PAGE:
- Grand Teton National Park
Infobox_protected_area | name = Grand Teton National Park
iucn_category = II
locator_x = 75
locator_y = 48
Teton County, Wyoming, USA
nearest_city = Jackson
lat_degrees = 43
lat_minutes = 44
lat_seconds = 0
lat_direction = N
long_degrees = 110
long_minutes = 48
long_seconds = 12
long_direction = W
area = 309,995 acres (1,255 km²)
February 26 1929
visitation_num = 2,588,574
visitation_year = 2007
National Park Service
Grand Teton National Park is a
United States National Parklocated in northwestern Wyoming, south of Yellowstone National Park. The park is named after the Grand Teton, which at 13,770 feet (4,197 m), is the tallest mountain in the Teton Range.
The name "Tetons" originally was intended to describe several hills near the town of Arco, Idaho. They were named by a French trapper who thought that they resembled the female body. (Ergo "tétons", the French word for "nipples" or "teats".) Many years later the name was mistakenly applied to the mountains of present day Grand Teton National Park due to poor map-making/map-reading standards of the time.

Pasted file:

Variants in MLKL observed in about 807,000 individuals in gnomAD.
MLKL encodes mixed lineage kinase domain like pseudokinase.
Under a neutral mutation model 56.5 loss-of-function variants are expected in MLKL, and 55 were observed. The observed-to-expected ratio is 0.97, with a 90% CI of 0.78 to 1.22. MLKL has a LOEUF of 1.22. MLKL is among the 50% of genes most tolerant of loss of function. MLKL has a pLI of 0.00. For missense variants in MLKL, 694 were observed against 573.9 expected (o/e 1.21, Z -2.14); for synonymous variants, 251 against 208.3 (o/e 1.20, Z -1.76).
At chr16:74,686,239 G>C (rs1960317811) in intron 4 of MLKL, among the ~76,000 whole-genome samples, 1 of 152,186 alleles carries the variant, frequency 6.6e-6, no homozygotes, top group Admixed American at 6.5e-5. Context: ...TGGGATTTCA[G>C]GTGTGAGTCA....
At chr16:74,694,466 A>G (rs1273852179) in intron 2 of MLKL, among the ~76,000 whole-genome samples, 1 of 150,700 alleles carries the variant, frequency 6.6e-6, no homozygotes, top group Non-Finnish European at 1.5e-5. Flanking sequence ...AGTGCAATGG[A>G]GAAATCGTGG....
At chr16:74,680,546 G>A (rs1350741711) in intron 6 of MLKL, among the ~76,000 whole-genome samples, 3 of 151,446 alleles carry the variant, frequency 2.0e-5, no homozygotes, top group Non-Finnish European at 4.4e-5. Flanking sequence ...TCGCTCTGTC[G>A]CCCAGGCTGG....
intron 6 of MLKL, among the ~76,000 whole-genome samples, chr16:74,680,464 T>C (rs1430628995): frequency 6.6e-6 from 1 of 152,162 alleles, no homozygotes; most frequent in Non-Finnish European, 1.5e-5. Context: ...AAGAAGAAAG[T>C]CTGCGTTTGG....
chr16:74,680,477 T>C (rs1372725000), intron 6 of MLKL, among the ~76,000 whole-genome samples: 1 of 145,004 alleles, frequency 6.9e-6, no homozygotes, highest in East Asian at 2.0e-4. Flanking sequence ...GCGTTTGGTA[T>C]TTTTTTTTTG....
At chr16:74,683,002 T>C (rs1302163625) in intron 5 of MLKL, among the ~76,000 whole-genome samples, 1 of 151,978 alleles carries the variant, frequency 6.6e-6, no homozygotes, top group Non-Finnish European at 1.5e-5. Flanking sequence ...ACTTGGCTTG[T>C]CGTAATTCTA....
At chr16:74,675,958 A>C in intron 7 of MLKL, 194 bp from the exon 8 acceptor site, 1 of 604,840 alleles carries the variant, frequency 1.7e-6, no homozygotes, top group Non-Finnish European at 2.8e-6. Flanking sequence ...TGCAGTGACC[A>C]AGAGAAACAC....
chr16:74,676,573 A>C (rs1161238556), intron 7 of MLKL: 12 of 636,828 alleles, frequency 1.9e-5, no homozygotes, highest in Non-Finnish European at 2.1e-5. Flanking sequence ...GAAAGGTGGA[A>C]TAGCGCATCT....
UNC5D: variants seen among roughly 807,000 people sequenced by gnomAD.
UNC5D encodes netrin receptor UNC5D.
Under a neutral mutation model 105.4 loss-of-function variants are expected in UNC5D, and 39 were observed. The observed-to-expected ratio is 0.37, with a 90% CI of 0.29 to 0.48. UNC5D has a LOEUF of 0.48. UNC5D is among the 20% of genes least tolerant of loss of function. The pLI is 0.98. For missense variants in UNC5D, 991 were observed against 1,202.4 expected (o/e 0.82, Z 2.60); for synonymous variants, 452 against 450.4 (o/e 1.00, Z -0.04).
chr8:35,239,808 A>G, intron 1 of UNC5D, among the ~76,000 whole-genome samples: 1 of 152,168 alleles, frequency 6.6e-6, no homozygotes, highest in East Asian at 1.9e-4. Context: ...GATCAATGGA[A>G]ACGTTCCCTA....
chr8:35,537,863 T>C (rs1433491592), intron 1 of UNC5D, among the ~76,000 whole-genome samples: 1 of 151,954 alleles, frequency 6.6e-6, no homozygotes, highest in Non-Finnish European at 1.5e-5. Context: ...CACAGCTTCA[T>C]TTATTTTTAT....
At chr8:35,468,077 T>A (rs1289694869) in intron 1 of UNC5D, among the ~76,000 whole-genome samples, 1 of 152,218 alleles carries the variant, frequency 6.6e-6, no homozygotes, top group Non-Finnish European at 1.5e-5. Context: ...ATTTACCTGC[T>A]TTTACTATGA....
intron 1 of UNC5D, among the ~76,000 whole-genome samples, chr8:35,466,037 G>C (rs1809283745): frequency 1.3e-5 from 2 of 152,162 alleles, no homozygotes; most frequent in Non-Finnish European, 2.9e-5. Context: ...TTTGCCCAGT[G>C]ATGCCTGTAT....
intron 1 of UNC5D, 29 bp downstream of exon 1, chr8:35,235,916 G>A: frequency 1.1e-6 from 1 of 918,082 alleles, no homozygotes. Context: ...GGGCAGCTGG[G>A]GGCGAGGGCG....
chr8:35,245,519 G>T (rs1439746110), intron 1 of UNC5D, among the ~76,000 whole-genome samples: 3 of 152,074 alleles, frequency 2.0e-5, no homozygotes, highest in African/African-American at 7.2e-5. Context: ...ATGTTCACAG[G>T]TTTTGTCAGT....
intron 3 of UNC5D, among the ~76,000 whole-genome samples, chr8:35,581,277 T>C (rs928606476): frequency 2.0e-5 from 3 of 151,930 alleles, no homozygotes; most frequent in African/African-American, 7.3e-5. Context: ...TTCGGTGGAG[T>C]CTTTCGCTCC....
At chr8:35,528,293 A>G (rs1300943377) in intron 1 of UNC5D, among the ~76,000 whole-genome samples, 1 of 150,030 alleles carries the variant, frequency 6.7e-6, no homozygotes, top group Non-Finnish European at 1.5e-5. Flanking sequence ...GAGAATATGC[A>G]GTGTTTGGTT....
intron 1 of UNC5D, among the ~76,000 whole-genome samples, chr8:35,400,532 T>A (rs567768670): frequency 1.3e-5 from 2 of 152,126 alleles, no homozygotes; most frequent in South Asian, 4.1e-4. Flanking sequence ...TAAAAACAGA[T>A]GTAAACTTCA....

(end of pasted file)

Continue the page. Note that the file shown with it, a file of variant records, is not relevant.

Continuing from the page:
Grand Teton National Park was established on
February 26 1929. The park covers 484 mi² (1,255 km²) of land and water.
There are nearly 200 miles (320 km) of trails for hikers to enjoy in Grand Teton National Park.
. Seven of these peaks between Avalanche and Cascade canyons make up the often-photographed Cathedral Group.
Jackson Hole is a 55 mile (90 km) long by 6 to 13 mile (10 to 20 km) wide
grabenvalley that has an average elevation of 6,800 ft (2,070 m) with its lowest point near the south park boundary at 6350 ft (1,935 m). The valley sits east of the Teton Range and is vertically displaced downward 30,000 ft (9,100 m) from corresponding rock layers in it, making the Teton Fault and its parallel twin on the east side of the valley normal faults with the Jackson Hole block being the hanging wall and the Teton Mountain block being the footwall. Grand Teton National Park contains the major part of both blocks. A great deal of erosionof the range and sedimentfilling the graben, however, yields a topographic relief of only up to 7,700 ft (2,350 m).
The glaciated range is composed of a series of horns and